Mark Lennox

a regrettable tendency to Javascript

Mark Lennox Javascript, C#, Python, machine learning, web, devops, mobile

Regexp - named groups FTW!

7th January, 2020

5 min read

If you think regex is the solution to your problem, now you have two problems...


Everybody loves regex, or they think they do...

You dive into a sea of coding and emerge at the other side with some regex matches in your teeth - success! You lie on your metaphorical beach warmed by the sun of your own genius. But, then the edge cases start washing up beside you, stinking the place up. By the time you've thrown them all back in the sea your hands are filthy and the sun has crept low to the horizon where it sulks behind some clouds. You're cold and you realise regular expressions were probably not the right approach.

But they are cool!

What are they good for?

Regular expressions are actually pretty good for matching patterns in data where the data follows a well-defined format - IP addresses, and emails being a prime example.

However, they are often abused to try and 'quickly' parse JSON or HTML - don't be tempted, that way lies madness! - use a real parser instead!

As you should be using your regex on well-formatted data you should make life easier for yourself and take advantage of named groups.

What in the name of context-free grammars are 'named groups'?

Well, first lets remind ourselves what matched groups are with some examples - we'll work up to named groups.

We'll use the text below as input in each example.

const source = `GB98MIDL07009312345678`;

This is actually one of the example IBAN codes provided on the IBAN wikipedia page, so if you are a programmer at a major blue chip bank who came here from google - welcome!

First with no groups

Lets say you have the following regular expression

// will match UK bank account IBAN
const noGroupMatcher = new RegExp(/[a-zA-Z]{2}\d{2}[a-zA-Z]{4}\d{6}\d{8}/);

If we execute this regular expression using our source text we'll get the result below

const result = noGroupMatcher.exec(source)
// ['GB98MIDL07009312345678', index: 0, input: 'GB98MIDL07009312345678', groups: undefined]

The result looks a bit funky, but it is a RegExp result array with the keys - 0, index, input, groups.

With no groups provided in the regular expression there are no matched groups in the output, and as expected we match the whole input string, so the matched data we want is

// 'GB98MIDL07009312345678'

Ok, so we can verify that the input matches the format of a UK bank account IBAN - that is useful! Your manager in that blue-chip bank is probably nodding at you in an appreciative and thoughtful way by now - good job!

but wait! there's more!

Now with groups

We can tell regexp to 'capture' groups of matched elements using brackets - updating the regular expression above, we add brackets around each sub pattern. This indicates we want to pull out the individual values matched.

const groupedMatcher = new RegExp(/([a-zA-Z]{2})(\d{2})([a-zA-Z]{4})(\d{6})(\d{8})/);

If we execute this regular expression we'll see a different result

const result = groupedMatcher.exec(source)
// ['GB98MIDL07009312345678', 'GB', '98', 'MIDL', '070093', '12345678', index: 0, input: 'GB98MIDL07009312345678', groups: undefined]

Great! we can pull out each separate piece of information from the IBAN - this is beginning to be useful! It is much clearer to see the country code, bank code, bank branch sort code, and the bank account number. The drawback is we need to access them by array index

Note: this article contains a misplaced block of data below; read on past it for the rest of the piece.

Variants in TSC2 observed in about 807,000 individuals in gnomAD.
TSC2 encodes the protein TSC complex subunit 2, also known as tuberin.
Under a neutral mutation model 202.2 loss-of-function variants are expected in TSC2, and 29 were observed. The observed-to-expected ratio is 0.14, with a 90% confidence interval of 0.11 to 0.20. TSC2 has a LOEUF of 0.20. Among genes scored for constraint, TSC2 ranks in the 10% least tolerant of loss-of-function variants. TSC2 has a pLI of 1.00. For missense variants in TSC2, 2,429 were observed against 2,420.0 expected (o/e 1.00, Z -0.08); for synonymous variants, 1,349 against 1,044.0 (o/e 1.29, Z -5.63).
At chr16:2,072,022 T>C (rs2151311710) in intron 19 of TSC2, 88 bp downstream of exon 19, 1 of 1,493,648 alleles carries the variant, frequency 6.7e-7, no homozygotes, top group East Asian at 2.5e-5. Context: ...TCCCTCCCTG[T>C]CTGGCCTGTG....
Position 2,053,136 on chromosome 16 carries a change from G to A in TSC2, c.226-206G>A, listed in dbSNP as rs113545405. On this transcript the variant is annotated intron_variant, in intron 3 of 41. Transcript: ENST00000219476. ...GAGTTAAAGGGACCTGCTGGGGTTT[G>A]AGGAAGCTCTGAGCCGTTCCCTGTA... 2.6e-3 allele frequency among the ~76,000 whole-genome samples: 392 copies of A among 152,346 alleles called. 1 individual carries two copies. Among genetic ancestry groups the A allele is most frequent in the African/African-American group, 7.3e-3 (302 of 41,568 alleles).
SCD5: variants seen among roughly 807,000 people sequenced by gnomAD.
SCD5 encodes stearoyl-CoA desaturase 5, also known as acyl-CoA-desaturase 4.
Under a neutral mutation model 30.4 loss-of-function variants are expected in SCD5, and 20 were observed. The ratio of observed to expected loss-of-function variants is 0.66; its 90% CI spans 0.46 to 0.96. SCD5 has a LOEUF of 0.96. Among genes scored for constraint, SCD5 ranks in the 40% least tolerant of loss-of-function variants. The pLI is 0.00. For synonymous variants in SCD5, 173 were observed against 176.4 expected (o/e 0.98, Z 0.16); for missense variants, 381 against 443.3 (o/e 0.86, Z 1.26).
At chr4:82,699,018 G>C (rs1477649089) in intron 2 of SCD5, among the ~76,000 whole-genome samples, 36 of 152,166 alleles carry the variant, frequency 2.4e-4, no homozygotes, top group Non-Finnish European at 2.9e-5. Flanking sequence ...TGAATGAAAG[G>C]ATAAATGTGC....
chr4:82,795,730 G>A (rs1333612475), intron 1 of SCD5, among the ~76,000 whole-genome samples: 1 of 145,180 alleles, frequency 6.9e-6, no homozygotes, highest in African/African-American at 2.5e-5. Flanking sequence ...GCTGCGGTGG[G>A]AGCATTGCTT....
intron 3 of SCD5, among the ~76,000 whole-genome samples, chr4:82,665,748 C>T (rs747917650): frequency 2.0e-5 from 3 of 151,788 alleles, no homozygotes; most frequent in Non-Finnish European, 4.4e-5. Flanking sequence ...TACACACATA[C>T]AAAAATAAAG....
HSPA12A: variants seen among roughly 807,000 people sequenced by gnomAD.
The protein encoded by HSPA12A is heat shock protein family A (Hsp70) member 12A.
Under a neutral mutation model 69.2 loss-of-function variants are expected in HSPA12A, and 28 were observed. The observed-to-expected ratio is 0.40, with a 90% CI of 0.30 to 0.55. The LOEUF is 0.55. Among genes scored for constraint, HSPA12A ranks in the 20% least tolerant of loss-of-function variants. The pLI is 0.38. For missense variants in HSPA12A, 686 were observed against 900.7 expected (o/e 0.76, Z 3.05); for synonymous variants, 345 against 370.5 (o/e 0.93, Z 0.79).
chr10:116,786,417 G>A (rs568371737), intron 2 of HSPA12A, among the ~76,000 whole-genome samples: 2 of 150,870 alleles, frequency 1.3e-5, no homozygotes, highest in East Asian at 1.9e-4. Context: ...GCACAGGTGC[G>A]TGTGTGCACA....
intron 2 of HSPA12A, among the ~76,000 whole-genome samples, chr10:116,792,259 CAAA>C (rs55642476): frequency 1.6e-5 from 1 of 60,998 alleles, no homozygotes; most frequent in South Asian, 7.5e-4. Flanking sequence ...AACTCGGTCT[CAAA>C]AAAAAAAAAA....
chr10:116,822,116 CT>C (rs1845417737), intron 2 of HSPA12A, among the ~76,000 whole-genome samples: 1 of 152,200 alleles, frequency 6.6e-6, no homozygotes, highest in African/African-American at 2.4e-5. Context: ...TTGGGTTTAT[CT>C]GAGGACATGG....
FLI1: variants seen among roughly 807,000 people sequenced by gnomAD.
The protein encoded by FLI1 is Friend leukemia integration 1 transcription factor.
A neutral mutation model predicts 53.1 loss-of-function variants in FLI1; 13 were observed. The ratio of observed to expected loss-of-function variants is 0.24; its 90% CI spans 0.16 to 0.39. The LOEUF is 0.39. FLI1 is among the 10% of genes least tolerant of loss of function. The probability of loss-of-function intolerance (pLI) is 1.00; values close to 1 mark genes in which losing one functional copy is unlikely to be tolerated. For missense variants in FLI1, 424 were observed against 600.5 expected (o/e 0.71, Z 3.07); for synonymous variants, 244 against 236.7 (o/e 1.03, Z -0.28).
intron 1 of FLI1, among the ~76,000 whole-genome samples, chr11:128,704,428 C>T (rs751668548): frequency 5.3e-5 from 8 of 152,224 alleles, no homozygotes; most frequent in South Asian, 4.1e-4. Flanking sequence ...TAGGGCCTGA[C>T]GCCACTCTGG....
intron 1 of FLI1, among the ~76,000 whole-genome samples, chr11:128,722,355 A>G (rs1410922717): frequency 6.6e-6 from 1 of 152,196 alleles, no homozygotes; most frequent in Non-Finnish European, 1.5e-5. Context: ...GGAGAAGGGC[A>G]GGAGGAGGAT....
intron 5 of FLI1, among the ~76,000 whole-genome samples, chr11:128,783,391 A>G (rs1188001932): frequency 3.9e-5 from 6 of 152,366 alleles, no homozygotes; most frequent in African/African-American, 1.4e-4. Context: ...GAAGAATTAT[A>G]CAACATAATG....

// 'GB'
// '070093'

Your manager is probably emailing the managers of other teams boasting about the shit hot programmer he hired and hinting at the huge bonus he'll get this Christmas, not to mention his manager nodding at you both in an appreciative way, and perhaps even stroking his chin! Oh yes, you're cooking now!

But why isn't the groups property assigned a value - we indicated we wanted to capture groups, didn't we? Well, this property is actually only assigned a value when we use named groups, so lets have a look at that now.

Named groups

We've pulled out lots of information about the IBAN, but using named groups we can get a lot more value from regular expressions.

We take our group matcher and update it to add a name for each set of brackets that capture the patterns they enclose.

const namedGroupMatcher = new RegExp(/(?<countryCode>[a-zA-Z]{2})(?<checkDigits>\d{2})(?<bankCode>[a-zA-Z]{4})(?<branchSortCode>\d{6})(?<bankAccountNumber>\d{8})/);

Now, when we execute this against the IBAN the result is very useful indeed.

const result = groupedMatcher.exec(source)
// [
//   'GB98MIDL07009312345678', 'GB', '98', 'MIDL', '070093', '12345678',
//   index: 0,
//   input: 'GB98MIDL07009312345678',
//   groups: {
//       countryCode: 'GB',
//       checkDigits: '98',
//       bankCode: 'MIDL',
//       branchSortCode: '070093',
//       bankAccountNumber: '12345678'
//   }
// ]

The result.groups object contains the properly named data values we have parsed from the IBAN, we can reference this directly instead of trying to remember the position of a piece of information in an array. The name also gives context to the data, improving your coding experience and making maintenance easier.

// 'GB'
// '070093'

This performance will not doubt earn you the key to the executive washroom, the loan of the CEOs car, and a week in the Bahamas. You'll never want for swingline staplers, and you'll have a corner office on the top floor. Your original manager has been promoted to president and given you the keys to the city.


Congratulations, galaxy brain

Now you have tamed the power of regular expressions, use them wisely, remember:

with great power comes great responsibility